In the Introduction, we indicated that Chapter 1 is the first of a set of four chapters that build a generic view of learning prior to considering how reflective and experiential learning relate to this. The first section looks at the issue of terminology that is used concerning the idea of learning and suggests that misuse and lack of vocabulary may skew our view of learning. New words and concepts are added to facilitate a clearer view of what learning might be. The second section of the chapter presents two ways of looking at learning - the 'building bricks' view and the 'network' view. The latter is pursued and developed throughout the remainder of the chapter particularly in relation to 'meaning' in learning, on which basis the two views particularly differ. The discussion also considers the social or individual connotations of 'meaning'. The next section illustrates some of the points made about 'meaning' and we introduce and explore the idea that all learning is based on experience. In the course of this discussion the terms 'external' and 'internal' experience are introduced.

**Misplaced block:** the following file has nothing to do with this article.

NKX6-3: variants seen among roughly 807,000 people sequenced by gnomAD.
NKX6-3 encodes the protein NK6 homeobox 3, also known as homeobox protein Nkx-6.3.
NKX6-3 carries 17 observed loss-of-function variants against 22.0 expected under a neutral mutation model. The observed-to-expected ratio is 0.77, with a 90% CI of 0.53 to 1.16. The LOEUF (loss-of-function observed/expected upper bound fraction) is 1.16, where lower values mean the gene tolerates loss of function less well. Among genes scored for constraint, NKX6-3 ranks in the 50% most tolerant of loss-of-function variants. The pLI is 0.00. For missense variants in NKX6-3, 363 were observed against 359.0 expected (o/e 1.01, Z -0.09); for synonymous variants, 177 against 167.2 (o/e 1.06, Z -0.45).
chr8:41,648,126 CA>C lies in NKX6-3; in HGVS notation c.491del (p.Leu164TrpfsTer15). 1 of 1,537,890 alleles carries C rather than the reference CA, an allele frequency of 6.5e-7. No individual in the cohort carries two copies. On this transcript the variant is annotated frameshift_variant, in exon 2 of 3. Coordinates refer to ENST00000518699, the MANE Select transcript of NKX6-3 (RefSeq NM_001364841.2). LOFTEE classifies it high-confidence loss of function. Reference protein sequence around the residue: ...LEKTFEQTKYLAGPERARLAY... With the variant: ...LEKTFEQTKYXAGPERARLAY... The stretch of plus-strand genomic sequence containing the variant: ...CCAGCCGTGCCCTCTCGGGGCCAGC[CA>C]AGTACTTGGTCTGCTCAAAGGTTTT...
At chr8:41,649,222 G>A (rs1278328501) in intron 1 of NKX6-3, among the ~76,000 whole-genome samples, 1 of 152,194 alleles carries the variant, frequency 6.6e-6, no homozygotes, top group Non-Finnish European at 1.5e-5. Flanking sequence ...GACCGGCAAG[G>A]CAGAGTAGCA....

There is constant emphasis in the chapter on the manner in which learning is a process with many events influencing and modifying each other simultaneously. A process in constant flux is difficult to describe in a linear manner. That learning is a process of constant mutually occurring modifications is one general principle that underpins this book and another is the centrality of the process of identifying figure from ground. This is elucidated by Marton and Booth (1997) and it is the important description of learning in Marton